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North Canterbury Palaeome Project

The North Canterbury Palaeome Project is based on the rich resources of the Quaternary fossil record of North Canterbury, South Island, New Zealand. It is a long-term project, is aimed at increasing our understanding the structure and functioning of New Zealand’s environment before people arrived and altered it forever. The information gained will improve knowledge of New Zealand's natural heritage, underpin management of ecological restoration programmes, and provide a context for predicting the effects of climate change and direct human intervention in the environment.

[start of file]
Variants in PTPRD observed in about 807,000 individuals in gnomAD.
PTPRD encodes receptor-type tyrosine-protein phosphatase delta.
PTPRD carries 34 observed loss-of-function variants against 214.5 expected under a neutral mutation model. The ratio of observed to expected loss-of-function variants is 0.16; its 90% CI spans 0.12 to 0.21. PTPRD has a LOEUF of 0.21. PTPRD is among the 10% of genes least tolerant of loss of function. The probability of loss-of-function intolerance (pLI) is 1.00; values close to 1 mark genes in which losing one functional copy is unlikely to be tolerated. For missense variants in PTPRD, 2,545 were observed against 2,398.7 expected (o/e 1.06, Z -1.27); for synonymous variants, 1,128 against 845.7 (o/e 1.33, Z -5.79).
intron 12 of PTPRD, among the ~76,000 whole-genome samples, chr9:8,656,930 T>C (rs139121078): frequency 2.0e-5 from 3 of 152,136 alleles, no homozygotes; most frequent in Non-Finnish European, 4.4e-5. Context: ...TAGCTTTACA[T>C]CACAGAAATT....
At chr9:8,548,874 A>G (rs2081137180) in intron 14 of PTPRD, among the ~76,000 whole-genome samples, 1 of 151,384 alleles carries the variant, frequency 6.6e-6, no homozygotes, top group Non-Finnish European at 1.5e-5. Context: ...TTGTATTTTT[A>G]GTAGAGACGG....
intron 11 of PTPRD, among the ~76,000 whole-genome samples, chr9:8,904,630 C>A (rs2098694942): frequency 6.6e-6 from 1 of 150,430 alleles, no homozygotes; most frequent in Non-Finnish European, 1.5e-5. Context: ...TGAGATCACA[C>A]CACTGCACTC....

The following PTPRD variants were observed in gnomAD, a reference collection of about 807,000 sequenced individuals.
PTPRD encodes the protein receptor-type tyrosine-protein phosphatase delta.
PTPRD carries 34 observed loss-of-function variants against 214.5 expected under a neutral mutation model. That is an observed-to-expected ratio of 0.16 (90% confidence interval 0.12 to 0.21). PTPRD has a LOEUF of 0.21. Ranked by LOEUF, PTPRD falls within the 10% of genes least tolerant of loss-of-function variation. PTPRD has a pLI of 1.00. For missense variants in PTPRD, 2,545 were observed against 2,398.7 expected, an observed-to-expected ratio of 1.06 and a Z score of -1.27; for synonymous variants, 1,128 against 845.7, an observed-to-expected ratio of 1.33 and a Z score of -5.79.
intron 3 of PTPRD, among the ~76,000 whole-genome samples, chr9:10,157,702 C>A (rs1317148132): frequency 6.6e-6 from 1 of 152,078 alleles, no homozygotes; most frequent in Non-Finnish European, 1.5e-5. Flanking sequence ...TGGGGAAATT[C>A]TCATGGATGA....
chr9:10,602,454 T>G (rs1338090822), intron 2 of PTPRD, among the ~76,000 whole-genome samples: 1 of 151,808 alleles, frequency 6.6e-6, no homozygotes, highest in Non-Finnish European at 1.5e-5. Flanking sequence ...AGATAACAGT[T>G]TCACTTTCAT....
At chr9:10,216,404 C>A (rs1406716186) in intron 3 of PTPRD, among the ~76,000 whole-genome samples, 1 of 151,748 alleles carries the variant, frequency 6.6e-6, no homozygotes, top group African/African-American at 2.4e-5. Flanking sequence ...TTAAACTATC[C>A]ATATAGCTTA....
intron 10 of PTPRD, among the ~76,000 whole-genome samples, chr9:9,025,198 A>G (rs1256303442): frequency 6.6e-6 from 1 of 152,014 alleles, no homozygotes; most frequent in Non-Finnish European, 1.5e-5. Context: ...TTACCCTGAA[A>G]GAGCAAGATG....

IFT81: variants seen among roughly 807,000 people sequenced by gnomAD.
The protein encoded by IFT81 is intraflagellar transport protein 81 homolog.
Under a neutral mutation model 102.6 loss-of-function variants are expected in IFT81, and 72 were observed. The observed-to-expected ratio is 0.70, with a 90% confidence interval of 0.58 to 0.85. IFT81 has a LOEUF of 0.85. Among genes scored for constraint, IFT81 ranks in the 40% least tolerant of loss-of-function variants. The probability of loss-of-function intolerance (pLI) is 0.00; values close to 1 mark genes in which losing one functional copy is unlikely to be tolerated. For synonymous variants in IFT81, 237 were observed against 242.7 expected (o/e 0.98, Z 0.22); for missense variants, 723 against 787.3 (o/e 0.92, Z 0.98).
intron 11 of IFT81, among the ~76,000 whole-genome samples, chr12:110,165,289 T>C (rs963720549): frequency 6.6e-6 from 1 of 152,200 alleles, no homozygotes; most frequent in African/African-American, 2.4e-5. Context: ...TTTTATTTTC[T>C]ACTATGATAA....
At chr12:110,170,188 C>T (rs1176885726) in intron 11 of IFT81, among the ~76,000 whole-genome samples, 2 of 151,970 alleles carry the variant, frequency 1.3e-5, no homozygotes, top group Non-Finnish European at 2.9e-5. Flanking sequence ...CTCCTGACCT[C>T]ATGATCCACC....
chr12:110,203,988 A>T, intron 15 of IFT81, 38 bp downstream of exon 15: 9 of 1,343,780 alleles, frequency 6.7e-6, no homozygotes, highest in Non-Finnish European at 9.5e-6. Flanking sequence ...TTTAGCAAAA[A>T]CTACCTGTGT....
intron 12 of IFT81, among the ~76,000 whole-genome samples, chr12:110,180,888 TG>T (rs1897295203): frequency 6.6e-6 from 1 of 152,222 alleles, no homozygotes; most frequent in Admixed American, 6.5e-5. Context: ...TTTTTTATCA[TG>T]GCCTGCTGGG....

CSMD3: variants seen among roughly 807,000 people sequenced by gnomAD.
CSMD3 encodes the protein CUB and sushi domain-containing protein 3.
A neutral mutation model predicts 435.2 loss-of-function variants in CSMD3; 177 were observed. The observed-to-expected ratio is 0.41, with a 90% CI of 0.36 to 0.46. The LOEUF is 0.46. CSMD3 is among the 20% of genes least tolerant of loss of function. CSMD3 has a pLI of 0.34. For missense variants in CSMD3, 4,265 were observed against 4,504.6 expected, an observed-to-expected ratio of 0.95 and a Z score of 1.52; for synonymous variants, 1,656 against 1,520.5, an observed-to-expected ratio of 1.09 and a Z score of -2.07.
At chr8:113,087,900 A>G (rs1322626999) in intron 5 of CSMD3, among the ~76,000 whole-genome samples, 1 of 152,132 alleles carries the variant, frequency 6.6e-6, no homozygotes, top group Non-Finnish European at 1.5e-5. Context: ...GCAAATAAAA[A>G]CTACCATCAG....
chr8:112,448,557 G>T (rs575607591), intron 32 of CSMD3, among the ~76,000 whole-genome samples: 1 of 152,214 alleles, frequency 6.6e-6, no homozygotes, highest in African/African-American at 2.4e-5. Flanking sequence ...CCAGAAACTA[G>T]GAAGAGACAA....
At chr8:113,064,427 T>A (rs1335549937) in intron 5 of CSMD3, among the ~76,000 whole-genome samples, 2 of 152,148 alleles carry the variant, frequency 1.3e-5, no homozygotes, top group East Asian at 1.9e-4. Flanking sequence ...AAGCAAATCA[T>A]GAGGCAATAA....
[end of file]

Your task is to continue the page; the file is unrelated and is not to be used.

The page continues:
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Relative neighbours - a Marsden Fund (RSNZ) project

Our focus is on the biology and environment of four species of extinct moa (Dinornithiformes). Evolving technologies are wresting a wealth of information from the isotopic chemistry of well-preserved moa bones such as this tibiotarsus of a South Island giant moa (Dinornis robustus). 


Pyramid Valley excavation 2008

In January-February 2008, we conducted an exploratory and technology development excavation at Pyramid Valley. This was the first excavation at the site since 1973, and it was conducted by permission of the site owners, Mike and Jan Hodgen, and the Queen Elizabeth II National Trust, who oversee the site's protection covenant.


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Learning from the past to build a sustainable future